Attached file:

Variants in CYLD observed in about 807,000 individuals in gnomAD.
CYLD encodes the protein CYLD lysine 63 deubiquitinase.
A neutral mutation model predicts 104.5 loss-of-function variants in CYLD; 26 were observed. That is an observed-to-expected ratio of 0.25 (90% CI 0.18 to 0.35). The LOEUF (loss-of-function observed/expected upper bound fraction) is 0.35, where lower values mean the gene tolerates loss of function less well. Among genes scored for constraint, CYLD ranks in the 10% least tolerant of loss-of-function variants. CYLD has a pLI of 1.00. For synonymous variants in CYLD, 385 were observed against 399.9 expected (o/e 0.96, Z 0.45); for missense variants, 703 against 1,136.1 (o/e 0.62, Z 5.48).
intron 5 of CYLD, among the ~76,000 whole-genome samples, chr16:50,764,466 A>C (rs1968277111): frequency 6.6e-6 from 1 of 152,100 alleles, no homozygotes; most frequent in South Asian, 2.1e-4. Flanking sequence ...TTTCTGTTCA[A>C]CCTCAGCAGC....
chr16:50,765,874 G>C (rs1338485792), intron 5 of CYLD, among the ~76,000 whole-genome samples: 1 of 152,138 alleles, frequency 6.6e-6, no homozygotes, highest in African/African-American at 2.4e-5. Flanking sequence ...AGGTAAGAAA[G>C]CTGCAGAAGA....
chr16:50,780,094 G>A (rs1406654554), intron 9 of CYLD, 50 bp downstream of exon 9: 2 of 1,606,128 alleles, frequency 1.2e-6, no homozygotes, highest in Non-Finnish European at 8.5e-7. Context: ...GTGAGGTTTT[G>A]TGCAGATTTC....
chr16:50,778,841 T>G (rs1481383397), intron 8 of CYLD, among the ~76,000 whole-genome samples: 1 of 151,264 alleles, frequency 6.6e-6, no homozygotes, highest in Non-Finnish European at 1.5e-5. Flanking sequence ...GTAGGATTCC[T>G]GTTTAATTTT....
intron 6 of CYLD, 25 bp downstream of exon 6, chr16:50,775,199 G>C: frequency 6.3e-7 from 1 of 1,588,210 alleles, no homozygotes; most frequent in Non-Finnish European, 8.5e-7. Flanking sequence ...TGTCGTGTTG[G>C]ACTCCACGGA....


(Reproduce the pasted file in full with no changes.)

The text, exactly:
Variants in CYLD observed in about 807,000 individuals in gnomAD.
CYLD encodes the protein CYLD lysine 63 deubiquitinase.
A neutral mutation model predicts 104.5 loss-of-function variants in CYLD; 26 were observed. That is an observed-to-expected ratio of 0.25 (90% CI 0.18 to 0.35). The LOEUF (loss-of-function observed/expected upper bound fraction) is 0.35, where lower values mean the gene tolerates loss of function less well. Among genes scored for constraint, CYLD ranks in the 10% least tolerant of loss-of-function variants. CYLD has a pLI of 1.00. For synonymous variants in CYLD, 385 were observed against 399.9 expected (o/e 0.96, Z 0.45); for missense variants, 703 against 1,136.1 (o/e 0.62, Z 5.48).
intron 5 of CYLD, among the ~76,000 whole-genome samples, chr16:50,764,466 A>C (rs1968277111): frequency 6.6e-6 from 1 of 152,100 alleles, no homozygotes; most frequent in South Asian, 2.1e-4. Flanking sequence ...TTTCTGTTCA[A>C]CCTCAGCAGC....
chr16:50,765,874 G>C (rs1338485792), intron 5 of CYLD, among the ~76,000 whole-genome samples: 1 of 152,138 alleles, frequency 6.6e-6, no homozygotes, highest in African/African-American at 2.4e-5. Flanking sequence ...AGGTAAGAAA[G>C]CTGCAGAAGA....
chr16:50,780,094 G>A (rs1406654554), intron 9 of CYLD, 50 bp downstream of exon 9: 2 of 1,606,128 alleles, frequency 1.2e-6, no homozygotes, highest in Non-Finnish European at 8.5e-7. Context: ...GTGAGGTTTT[G>A]TGCAGATTTC....
chr16:50,778,841 T>G (rs1481383397), intron 8 of CYLD, among the ~76,000 whole-genome samples: 1 of 151,264 alleles, frequency 6.6e-6, no homozygotes, highest in Non-Finnish European at 1.5e-5. Flanking sequence ...GTAGGATTCC[T>G]GTTTAATTTT....
intron 6 of CYLD, 25 bp downstream of exon 6, chr16:50,775,199 G>C: frequency 6.3e-7 from 1 of 1,588,210 alleles, no homozygotes; most frequent in Non-Finnish European, 8.5e-7. Flanking sequence ...TGTCGTGTTG[G>C]ACTCCACGGA....